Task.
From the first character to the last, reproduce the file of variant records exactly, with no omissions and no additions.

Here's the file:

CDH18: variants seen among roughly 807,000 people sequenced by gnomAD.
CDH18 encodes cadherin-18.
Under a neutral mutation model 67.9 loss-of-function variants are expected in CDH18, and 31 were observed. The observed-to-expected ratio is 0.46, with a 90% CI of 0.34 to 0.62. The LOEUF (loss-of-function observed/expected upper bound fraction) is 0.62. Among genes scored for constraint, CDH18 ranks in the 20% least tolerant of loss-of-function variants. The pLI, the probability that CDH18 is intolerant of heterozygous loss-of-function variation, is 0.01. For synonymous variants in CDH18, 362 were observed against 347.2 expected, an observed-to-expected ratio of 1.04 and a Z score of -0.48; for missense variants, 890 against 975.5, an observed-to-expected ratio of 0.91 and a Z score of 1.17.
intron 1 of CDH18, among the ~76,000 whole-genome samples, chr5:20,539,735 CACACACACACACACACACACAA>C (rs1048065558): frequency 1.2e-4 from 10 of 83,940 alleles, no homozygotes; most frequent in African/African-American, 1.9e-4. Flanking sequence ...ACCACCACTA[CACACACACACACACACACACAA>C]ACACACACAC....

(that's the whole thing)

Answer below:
CDH18: variants seen among roughly 807,000 people sequenced by gnomAD.
CDH18 encodes cadherin-18.
Under a neutral mutation model 67.9 loss-of-function variants are expected in CDH18, and 31 were observed. The observed-to-expected ratio is 0.46, with a 90% CI of 0.34 to 0.62. The LOEUF (loss-of-function observed/expected upper bound fraction) is 0.62. Among genes scored for constraint, CDH18 ranks in the 20% least tolerant of loss-of-function variants. The pLI, the probability that CDH18 is intolerant of heterozygous loss-of-function variation, is 0.01. For synonymous variants in CDH18, 362 were observed against 347.2 expected, an observed-to-expected ratio of 1.04 and a Z score of -0.48; for missense variants, 890 against 975.5, an observed-to-expected ratio of 0.91 and a Z score of 1.17.
intron 1 of CDH18, among the ~76,000 whole-genome samples, chr5:20,539,735 CACACACACACACACACACACAA>C (rs1048065558): frequency 1.2e-4 from 10 of 83,940 alleles, no homozygotes; most frequent in African/African-American, 1.9e-4. Flanking sequence ...ACCACCACTA[CACACACACACACACACACACAA>C]ACACACACAC....